Ask an English teacher about their favourite poem and you’re likely to evoke a full on ramble, beginning with the moment they first fell in love with literature.
Mine took place on an overcast Tuesday morning in a GCSE English lesson, where my teacher (who I still consider the Richard Branson of educationalists) first recited William Blake’s “The Tyger” to our class: a group of thirty pubescent teenagers. While the majority of my peers texted under the table and doodled on the back of their poetry anthologies, I was fully enchanted by the ‘fearful symmetry’ of Blake’s creature and its ‘deadly’ presence which Sir articulated so poignantly.
Perhaps it’s due to my wonderful experiences as an English student that I consider poetry the crème de la crème of my weird and wonderful subject. “It’s like looking through a kaleidoscope…” noted one of my students a few weeks ago. “…Often it seems really muddled and jumbled but at the same time it remains a thing of beauty.”
Isn’t it wonderful when our children make comments like that?
I think this student was spot on. Regardless of their shape or size, poems allow us a lens into the eccentricities and peculiarities of language. This is one of the many, many reasons we celebrate their importance.
And whilst I won’t proceed list my favourite poems (the list is copious and I wouldn’t quite know where to begin!), I will list five that I have found, in my experience, to be very successful in the classroom.
1. “A Martian Sends a Post Card Home” by Craig Raine
If you are not familiar with this poem, Google it right now. Seriously. Told through a series of rhyming couplets, an estranged alien records his findings upon visiting Earth for the very first time. From book reading (“I have never seen one fly but sometimes they perch on the hand”) to bedtime activity (“they hide in pairs and read about themselves…with their eyelids shut”), Raine finds a way to make the ordinary, extraordinary.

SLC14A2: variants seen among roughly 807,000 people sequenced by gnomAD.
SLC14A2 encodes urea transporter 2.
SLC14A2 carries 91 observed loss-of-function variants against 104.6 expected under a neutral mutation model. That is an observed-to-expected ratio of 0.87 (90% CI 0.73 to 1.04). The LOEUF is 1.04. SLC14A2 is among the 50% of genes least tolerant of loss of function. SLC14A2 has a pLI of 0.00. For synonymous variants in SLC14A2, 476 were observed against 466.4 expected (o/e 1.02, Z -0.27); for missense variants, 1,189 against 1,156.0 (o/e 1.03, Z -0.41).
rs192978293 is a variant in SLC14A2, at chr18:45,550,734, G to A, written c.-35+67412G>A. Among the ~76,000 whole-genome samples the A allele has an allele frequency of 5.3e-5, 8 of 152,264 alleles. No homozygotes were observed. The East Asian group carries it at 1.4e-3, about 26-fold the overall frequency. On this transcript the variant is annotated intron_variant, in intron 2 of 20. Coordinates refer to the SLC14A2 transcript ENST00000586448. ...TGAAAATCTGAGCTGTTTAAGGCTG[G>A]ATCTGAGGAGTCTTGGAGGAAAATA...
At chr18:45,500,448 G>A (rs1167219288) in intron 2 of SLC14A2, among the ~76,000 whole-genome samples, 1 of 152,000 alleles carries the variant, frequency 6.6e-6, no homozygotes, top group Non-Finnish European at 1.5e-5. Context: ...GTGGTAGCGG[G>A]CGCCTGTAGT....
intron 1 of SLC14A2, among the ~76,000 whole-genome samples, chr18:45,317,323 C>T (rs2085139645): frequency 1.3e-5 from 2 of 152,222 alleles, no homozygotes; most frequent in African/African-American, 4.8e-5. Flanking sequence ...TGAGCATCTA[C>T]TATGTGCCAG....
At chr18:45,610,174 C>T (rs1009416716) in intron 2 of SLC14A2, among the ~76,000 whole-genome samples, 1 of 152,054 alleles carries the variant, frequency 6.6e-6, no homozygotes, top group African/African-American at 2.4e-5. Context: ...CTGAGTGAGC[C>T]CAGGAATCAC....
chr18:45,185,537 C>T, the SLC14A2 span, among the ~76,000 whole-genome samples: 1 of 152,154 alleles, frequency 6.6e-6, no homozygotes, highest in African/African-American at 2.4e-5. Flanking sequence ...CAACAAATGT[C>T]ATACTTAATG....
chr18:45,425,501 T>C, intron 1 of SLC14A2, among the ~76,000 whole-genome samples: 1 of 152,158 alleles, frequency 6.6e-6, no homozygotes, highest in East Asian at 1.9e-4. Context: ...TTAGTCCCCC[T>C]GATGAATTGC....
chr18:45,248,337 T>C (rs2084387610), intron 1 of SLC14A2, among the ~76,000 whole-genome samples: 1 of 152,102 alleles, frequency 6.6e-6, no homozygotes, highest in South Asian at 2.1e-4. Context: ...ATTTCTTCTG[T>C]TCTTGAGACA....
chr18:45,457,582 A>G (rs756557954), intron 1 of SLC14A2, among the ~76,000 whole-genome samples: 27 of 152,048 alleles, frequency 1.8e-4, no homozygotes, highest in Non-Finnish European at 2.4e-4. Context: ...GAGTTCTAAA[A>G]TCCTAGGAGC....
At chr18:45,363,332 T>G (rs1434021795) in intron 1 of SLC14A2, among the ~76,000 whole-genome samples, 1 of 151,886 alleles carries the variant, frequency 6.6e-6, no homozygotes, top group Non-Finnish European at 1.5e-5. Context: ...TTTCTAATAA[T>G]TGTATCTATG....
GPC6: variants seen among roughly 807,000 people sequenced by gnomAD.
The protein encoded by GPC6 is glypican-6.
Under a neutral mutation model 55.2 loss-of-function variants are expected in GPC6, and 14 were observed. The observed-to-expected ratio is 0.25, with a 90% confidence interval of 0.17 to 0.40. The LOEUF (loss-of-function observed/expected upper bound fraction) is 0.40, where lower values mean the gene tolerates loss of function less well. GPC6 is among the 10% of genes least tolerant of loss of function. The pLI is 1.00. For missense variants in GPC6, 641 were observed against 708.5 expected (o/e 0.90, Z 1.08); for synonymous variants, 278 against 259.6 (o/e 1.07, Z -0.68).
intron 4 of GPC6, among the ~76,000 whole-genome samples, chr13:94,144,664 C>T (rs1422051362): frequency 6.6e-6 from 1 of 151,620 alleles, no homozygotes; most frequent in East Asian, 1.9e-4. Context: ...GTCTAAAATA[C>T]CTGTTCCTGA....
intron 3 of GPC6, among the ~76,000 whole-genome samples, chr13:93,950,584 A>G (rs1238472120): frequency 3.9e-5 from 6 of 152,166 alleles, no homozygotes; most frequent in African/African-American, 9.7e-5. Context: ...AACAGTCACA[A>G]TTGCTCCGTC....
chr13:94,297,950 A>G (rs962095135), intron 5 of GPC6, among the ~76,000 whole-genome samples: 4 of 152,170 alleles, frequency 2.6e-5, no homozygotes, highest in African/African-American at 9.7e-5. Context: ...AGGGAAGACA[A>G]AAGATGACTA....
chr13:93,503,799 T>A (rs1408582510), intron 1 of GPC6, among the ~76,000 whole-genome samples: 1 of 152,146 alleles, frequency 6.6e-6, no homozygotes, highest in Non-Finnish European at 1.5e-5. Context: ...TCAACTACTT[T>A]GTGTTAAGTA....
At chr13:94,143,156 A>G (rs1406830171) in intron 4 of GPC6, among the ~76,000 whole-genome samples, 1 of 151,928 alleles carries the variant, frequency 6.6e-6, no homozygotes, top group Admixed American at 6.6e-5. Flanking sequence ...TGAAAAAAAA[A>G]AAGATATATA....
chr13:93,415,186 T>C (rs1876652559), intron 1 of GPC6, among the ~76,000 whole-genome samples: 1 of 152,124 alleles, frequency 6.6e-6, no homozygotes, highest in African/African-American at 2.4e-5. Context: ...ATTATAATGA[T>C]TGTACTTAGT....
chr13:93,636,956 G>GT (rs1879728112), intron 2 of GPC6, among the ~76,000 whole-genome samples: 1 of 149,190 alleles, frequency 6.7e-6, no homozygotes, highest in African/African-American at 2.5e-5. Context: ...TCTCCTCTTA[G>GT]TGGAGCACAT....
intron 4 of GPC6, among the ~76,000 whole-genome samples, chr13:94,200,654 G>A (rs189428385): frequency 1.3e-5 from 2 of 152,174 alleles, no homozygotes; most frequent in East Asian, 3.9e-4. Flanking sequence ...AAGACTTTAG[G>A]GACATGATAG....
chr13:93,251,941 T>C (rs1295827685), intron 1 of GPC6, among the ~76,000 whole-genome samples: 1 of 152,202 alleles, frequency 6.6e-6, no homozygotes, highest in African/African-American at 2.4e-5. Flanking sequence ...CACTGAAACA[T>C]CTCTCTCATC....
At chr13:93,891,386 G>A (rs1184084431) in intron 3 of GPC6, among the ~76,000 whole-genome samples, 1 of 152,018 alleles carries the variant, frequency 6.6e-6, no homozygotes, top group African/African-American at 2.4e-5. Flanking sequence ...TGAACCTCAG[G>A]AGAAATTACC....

2. “Dulce Et Decorum Est” by Wilfred Owen
The above ballad seems to be a staple in every English department across the country. Over taught as it might be, this poem remains, in my opinion, one of the best in conveying the severe physical and psychological impact of war. Endless in imagery that is both vicious (“guttering, chocking, drowning”) and pungent (“white eyes writhing in his face…like a devils sick of sin”), Owen’s verse allows students to explore conflict in its rawest form.
3. “Kid” by Simon Armitage
Engaging pubescent boys in poetry can have its challenges! You could do head-stands and star jumps and receive the same Zombie-esque expressions. Ex-poet laureate, Armitage’s “Kid,” however, engages from the outset. Gritty to the nines, this monologue is told from the perspective of Robin, Batman’s loyal sidekick, who, having finally come to his wits end (can you really blame him?) goes on a verbal rampage essentially tearing the caped crusader to shreds claiming he is now “taller, harder, stronger, older” and is ready to let rip.
4. “Mother to Son” by Langston Hughes
Hughes' dramatic monologue (written entirely in free verse) is delivered (as the title suggests) by a mother to her child. She begins by advising him that “life ain’t no crystal stair,” which essentially forms an extended metaphor relating to the many hardships faced by African Americans in the 1900s - a world where black individuals were marginalized, oppressed and silenced by white tyranny. Hughes writes in Southern dialect throughout (which my children LOVE to read). Phrases like “I’se still goin’ honey” and “you finds it’s kinder hard” convey the mother’s colloquial and homely chatter, which gives this verse a sense of warmth despite its dark subject matter.
5. Sonnet 19, 116, 130…how about all 154?
There are Shakespearean purists out there (the type that will probably be buried with a timeworn copy of “Hamlet” clutched firmly in their bony grip) who might reel with fury at the way sonnets are being approached by many an innovative teacher across the globe. I have a good friend who gets her kids to rap them to backing music, another gets hers to make “Vines” using key phrases from a selection of their choice. Personally, I find using love songs to be particularly effective. After all, many of the sonnets were largely about “wooing.” And whilst I am certainly not a connoisseur in the old dating department, Ed Sheeran certainly seems to be.
Adam Bernard is head of English at a school in New York